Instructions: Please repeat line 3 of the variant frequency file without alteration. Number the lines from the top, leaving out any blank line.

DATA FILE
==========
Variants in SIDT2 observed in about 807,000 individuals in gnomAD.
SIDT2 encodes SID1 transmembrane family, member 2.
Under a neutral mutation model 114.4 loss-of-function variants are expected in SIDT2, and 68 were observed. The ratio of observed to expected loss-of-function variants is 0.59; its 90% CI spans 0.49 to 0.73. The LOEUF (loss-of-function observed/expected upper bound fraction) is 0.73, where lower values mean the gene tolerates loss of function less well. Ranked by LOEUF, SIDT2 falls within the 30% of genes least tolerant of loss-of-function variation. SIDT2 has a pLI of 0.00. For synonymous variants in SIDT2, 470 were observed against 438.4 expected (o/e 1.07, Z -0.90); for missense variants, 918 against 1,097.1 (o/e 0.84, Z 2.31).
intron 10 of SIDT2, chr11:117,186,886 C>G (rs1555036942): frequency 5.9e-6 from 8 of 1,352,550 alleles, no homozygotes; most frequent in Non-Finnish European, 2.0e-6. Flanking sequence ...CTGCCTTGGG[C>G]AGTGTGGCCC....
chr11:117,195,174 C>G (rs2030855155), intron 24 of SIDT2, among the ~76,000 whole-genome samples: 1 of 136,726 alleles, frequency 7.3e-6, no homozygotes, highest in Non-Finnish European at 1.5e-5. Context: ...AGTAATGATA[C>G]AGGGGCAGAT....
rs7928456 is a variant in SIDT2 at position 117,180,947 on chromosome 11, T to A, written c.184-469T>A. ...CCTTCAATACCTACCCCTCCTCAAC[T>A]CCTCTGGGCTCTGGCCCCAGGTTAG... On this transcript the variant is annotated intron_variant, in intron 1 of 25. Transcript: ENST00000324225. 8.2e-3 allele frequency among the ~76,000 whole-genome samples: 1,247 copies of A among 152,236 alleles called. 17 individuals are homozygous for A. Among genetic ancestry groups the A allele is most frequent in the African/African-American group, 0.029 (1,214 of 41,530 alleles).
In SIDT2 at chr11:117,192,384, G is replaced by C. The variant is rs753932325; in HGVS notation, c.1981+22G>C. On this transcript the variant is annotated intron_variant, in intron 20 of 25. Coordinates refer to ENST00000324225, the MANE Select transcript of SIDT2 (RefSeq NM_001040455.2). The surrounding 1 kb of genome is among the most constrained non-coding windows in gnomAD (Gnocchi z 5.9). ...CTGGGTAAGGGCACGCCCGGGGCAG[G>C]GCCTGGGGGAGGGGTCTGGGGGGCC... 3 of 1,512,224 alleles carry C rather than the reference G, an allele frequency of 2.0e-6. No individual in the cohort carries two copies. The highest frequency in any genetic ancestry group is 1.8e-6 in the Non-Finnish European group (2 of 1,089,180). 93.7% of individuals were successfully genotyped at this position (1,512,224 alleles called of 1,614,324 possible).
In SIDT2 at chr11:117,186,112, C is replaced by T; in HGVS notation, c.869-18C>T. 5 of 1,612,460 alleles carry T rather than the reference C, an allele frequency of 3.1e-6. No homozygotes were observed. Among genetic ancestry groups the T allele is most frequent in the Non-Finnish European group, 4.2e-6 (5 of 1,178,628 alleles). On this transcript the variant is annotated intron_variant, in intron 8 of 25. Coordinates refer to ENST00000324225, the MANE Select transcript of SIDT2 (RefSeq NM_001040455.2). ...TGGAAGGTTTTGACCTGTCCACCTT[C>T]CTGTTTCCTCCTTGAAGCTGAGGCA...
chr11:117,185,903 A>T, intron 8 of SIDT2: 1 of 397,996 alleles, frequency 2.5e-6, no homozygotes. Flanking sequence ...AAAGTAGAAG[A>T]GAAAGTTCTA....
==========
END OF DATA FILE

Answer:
Under a neutral mutation model 114.4 loss-of-function variants are expected in SIDT2, and 68 were observed. The ratio of observed to expected loss-of-function variants is 0.59; its 90% CI spans 0.49 to 0.73. The LOEUF (loss-of-function observed/expected upper bound fraction) is 0.73, where lower values mean the gene tolerates loss of function less well. Ranked by LOEUF, SIDT2 falls within the 30% of genes least tolerant of loss-of-function variation. SIDT2 has a pLI of 0.00. For synonymous variants in SIDT2, 470 were observed against 438.4 expected (o/e 1.07, Z -0.90); for missense variants, 918 against 1,097.1 (o/e 0.84, Z 2.31).